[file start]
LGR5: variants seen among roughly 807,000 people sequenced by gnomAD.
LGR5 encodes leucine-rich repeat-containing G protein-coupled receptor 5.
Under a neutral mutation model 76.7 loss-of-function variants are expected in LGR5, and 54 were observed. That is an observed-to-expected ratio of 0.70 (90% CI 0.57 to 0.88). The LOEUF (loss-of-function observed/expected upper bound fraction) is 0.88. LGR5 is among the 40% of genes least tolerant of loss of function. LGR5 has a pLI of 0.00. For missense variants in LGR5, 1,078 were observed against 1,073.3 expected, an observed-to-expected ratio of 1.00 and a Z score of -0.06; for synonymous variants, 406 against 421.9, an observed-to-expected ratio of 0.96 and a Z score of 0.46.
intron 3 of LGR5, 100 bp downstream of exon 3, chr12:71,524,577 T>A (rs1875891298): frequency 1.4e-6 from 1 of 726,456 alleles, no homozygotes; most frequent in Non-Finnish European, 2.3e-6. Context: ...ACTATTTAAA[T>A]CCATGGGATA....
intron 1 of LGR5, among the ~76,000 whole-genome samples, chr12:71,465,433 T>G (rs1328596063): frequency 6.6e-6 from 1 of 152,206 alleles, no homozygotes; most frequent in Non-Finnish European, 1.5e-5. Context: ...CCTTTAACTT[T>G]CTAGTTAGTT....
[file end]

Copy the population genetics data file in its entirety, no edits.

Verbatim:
LGR5: variants seen among roughly 807,000 people sequenced by gnomAD.
LGR5 encodes leucine-rich repeat-containing G protein-coupled receptor 5.
Under a neutral mutation model 76.7 loss-of-function variants are expected in LGR5, and 54 were observed. That is an observed-to-expected ratio of 0.70 (90% CI 0.57 to 0.88). The LOEUF (loss-of-function observed/expected upper bound fraction) is 0.88. LGR5 is among the 40% of genes least tolerant of loss of function. LGR5 has a pLI of 0.00. For missense variants in LGR5, 1,078 were observed against 1,073.3 expected, an observed-to-expected ratio of 1.00 and a Z score of -0.06; for synonymous variants, 406 against 421.9, an observed-to-expected ratio of 0.96 and a Z score of 0.46.
intron 3 of LGR5, 100 bp downstream of exon 3, chr12:71,524,577 T>A (rs1875891298): frequency 1.4e-6 from 1 of 726,456 alleles, no homozygotes; most frequent in Non-Finnish European, 2.3e-6. Context: ...ACTATTTAAA[T>A]CCATGGGATA....
intron 1 of LGR5, among the ~76,000 whole-genome samples, chr12:71,465,433 T>G (rs1328596063): frequency 6.6e-6 from 1 of 152,206 alleles, no homozygotes; most frequent in Non-Finnish European, 1.5e-5. Context: ...CCTTTAACTT[T>G]CTAGTTAGTT....